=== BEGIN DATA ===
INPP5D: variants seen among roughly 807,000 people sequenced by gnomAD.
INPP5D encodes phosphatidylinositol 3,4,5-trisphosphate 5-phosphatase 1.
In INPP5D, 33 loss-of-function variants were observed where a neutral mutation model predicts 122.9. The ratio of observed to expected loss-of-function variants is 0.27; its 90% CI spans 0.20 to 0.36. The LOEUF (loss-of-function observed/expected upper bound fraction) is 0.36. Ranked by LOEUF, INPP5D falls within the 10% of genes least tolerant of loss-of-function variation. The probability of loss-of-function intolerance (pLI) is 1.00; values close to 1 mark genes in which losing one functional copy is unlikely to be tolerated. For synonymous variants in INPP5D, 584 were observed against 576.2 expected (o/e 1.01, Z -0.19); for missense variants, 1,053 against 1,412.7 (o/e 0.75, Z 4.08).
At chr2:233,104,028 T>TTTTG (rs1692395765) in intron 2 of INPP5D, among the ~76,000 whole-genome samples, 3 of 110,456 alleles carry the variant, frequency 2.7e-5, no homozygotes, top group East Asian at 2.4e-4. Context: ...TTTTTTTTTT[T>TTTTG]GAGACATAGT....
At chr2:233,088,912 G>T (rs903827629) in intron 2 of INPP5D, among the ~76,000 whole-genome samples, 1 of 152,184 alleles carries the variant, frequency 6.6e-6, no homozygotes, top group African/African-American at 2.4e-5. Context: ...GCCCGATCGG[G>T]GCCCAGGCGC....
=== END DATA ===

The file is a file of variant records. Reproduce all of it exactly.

INPP5D: variants seen among roughly 807,000 people sequenced by gnomAD.
INPP5D encodes phosphatidylinositol 3,4,5-trisphosphate 5-phosphatase 1.
In INPP5D, 33 loss-of-function variants were observed where a neutral mutation model predicts 122.9. The ratio of observed to expected loss-of-function variants is 0.27; its 90% CI spans 0.20 to 0.36. The LOEUF (loss-of-function observed/expected upper bound fraction) is 0.36. Ranked by LOEUF, INPP5D falls within the 10% of genes least tolerant of loss-of-function variation. The probability of loss-of-function intolerance (pLI) is 1.00; values close to 1 mark genes in which losing one functional copy is unlikely to be tolerated. For synonymous variants in INPP5D, 584 were observed against 576.2 expected (o/e 1.01, Z -0.19); for missense variants, 1,053 against 1,412.7 (o/e 0.75, Z 4.08).
At chr2:233,104,028 T>TTTTG (rs1692395765) in intron 2 of INPP5D, among the ~76,000 whole-genome samples, 3 of 110,456 alleles carry the variant, frequency 2.7e-5, no homozygotes, top group East Asian at 2.4e-4. Context: ...TTTTTTTTTT[T>TTTTG]GAGACATAGT....
At chr2:233,088,912 G>T (rs903827629) in intron 2 of INPP5D, among the ~76,000 whole-genome samples, 1 of 152,184 alleles carries the variant, frequency 6.6e-6, no homozygotes, top group African/African-American at 2.4e-5. Context: ...GCCCGATCGG[G>T]GCCCAGGCGC....